Graduation Year


Document Type




Degree Granting Department


Major Professor

George S. Nolas


heat capacity, Silicon, single-crystal, thermal conductivity, thermoelectric, Zintl


The search of materials relevant for thermoelectric and magnetocaloric applications, as well as materials that interact with light, is an important aspect of the materials science. Such materials can be used for solid-state power generation and refrigeration, as light sources, detectors, or controllers. Intermetallic clathrates have long been of interest for the materials science research. The promise these materials hold for useful applications ranges from thermoelectrics to photovoltaics and optoelectronics to potentially ultra-hard materials and magnetic cooling applications. Their unique physical properties are intimately related to their intriguing structural properties. Thus a fundamental understanding of the chemistry and physics of inorganic clathrates offers the possibility to assess their potential for use in the various applications mentioned above.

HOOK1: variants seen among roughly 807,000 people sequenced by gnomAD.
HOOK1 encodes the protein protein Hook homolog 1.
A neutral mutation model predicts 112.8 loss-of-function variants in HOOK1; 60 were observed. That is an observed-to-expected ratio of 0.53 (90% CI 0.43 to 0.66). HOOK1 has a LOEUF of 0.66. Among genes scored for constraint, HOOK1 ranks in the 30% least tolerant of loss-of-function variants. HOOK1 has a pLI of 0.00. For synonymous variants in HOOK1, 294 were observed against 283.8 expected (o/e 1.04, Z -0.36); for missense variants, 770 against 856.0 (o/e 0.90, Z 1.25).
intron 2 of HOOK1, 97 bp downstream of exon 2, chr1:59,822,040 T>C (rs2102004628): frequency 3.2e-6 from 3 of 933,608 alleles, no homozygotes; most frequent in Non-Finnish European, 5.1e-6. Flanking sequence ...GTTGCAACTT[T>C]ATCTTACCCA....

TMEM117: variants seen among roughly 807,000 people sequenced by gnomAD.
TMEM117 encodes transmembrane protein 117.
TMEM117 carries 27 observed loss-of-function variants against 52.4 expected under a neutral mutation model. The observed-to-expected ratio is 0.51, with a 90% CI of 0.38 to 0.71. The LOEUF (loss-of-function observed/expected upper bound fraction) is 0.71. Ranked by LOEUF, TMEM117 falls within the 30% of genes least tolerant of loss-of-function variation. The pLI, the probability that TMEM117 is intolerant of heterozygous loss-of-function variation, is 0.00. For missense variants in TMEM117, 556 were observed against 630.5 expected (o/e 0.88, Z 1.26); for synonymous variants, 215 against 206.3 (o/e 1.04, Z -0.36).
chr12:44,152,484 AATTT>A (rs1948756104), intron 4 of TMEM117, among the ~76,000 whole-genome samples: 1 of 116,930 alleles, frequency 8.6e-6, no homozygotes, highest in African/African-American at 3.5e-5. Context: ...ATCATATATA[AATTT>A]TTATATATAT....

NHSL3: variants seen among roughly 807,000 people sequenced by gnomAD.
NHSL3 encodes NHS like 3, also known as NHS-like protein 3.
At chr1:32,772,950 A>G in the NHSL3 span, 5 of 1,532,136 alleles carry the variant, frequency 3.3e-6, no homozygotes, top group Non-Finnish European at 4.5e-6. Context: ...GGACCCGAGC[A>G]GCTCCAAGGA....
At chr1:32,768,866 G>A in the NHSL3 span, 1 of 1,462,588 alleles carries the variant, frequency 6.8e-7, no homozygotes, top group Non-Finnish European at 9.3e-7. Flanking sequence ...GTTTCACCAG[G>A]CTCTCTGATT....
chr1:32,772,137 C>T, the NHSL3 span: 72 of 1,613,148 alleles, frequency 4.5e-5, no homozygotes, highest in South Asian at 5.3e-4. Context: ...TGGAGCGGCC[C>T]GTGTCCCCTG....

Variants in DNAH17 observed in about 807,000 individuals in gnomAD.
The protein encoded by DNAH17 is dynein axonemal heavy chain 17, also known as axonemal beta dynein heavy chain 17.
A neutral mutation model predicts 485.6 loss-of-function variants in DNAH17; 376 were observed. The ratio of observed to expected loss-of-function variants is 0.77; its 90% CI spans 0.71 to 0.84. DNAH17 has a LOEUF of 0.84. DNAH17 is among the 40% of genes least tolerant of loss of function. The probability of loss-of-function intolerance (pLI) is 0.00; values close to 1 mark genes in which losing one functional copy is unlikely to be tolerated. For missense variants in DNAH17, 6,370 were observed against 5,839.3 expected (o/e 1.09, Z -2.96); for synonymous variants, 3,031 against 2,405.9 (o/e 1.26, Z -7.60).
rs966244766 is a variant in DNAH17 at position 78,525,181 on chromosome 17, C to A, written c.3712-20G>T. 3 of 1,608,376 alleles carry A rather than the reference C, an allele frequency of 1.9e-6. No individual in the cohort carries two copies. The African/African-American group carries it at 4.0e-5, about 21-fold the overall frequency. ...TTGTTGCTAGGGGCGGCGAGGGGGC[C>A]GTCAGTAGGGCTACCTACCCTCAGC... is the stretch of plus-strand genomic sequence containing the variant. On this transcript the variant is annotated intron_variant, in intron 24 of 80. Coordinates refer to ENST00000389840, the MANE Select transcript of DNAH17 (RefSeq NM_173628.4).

In this work the selective, phase pure, single-crystal growth of AxSi46 and AySi136 (A = Na, K) intermetallic clathrates by the new vapor-phase intercalation method is presented. The approach appears promising for accessing regions of the equilibrium diagrams for Na-Si and K-Si clathrates that can be otherwise difficult to reach due to the greatly differing properties of the constituent elements. Physical properties of these materials were investigated in terms of single-crystal diffraction, electrical and thermal properties measurements.

The synthesis and structural properties of single crystals of NaxSi136 are presented. A two-step synthetic approach was employed for the synthesis of NaxSi136 which also allowed for low temperature transport measurements of polycrystalline NaxSi136.

The potential of the Eu8Ga16Ge30 type-I and VIII - EuO composites for magnetocaloric applications is discussed. The type-I clathrate - EuO composites hold promise for active magnetic refrigeration around 70 K.